A majority of large U.S. employers are moving forward with plans to make changes to their 2011 health care benefit programs in the wake of both health reform and expected large health benefit cost increases next year, according to a new survey by the National Business Group on Health, a non-profit association of large employers.
The survey found that more than half (53 percent) of respondents are still planning to make changes to their benefit plans despite the uncertainty that exists around complying with the Patient Protection and Affordable Care Act. Another two of ten employers (19 percent) are scaling back changes they planned to make while an equal number are making no changes. The remaining respondents were still undecided pending further review of the final regulations.
Among the employers who will be making specific changes to their health benefit plans to comply with the new law, 70 percent said they will remove lifetime dollar limits on overall benefits while 37 percent reported they will make changes to annual or lifetime limits on specific benefits. About one in four (26 percent) will remove annual dollar limits on overall benefits while 13 percent will remove pre-existing condition exclusions for children. The survey, based on responses from 72 of the nation's largest corporations representing more than 3.7 million employees, was conducted in May and June 2010.
"While the health reform law has forced employers to evaluate their health care benefit strategies and decide whether to comply with the law or lose grandfathered status, they haven't lost sight of the fact that controlling rising costs remains one of, if not, their highest priority. They have to foot the bill, not the government," said Helen Darling, president of the National Business Group on Health. "In fact, with cost increases expected to accelerate next year, many of the plan design changes employers are making are being done to help curb those increases, as they have to do every year."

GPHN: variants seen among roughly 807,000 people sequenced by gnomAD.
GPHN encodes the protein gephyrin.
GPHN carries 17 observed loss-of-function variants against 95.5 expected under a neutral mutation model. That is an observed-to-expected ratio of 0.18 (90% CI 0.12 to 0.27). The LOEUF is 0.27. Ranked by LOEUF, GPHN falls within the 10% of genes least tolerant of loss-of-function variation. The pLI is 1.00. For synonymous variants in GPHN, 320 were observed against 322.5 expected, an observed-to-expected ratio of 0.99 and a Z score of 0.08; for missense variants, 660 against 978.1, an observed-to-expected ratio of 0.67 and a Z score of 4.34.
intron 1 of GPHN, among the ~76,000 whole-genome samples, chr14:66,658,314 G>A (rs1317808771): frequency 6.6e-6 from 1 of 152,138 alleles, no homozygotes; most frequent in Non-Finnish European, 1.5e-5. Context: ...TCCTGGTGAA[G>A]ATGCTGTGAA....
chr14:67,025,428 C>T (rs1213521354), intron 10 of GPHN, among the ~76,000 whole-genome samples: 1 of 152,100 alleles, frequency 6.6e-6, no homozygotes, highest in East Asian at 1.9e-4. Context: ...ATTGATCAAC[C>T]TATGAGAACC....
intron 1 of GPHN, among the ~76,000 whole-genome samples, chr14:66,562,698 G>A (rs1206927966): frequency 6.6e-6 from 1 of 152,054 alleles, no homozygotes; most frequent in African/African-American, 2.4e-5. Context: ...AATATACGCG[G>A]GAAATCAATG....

According to the survey, employers estimate their health care benefit costs will increase an average of 8.9 percent next year, compared with an average increase of 7 percent this year. To help control those increases, employers are planning to use a wider variety of cost-sharing strategies. The survey found 63 percent of employers plan to increase the percentage employees contribute to the premium, up from 57 percent who did so this year, while 46 percent plan to raise out-of-pocket maximums next year compared with 36 percent this year.
More Employers Shifting to Full-Replacement Consumer-Directed Health Plans
More than six in 10 (61 percent) employers will offer a consumer-directed health plan (CDHP) in 2011. While the most common type of plan employers will offer is a high-deductible plan combined with a health savings account (64 percent), the survey found a big spike in employers moving to a full replacement plan. Among employers offering a CDHP, the number moving to a full replacement plan doubled from 10 percent this year to 20 percent in 2011.
"Consumer directed health plans are living up to their expectations as a way to help save employers money and put employees in greater control of their health care. In fact, offering these plans was the most often-cited tactic by employers to control costs. We fully expect that employer interest in CDHPs, and especially full-replacement plans, will continue to increase in the future," said Darling.
Other findings from the survey include:
Copies of the survey report can be found here:
http://www.businessgrouphealth.org/pdfs/Plan percent20Design percent20Survey percent20Report percent20Public.pdf
About the National Business Group on Health
The National Business Group on Health is the nation's only non-profit organization devoted exclusively to representing large employers' perspective on national health policy issues and providing practical solutions to its members' most important health care problems. The Business Group helps drive today's health agenda while promoting ideas for controlling health care costs, improving patient safety and quality of care and sharing best practices in health benefits management with senior benefits, HR professionals, and medical directors from leading corporations. Business Group members, which include 64 Fortune 100 companies, provide health coverage for more than 50 million U.S. workers, retirees and their families. For more information, visit www.businessgrouphealth.org.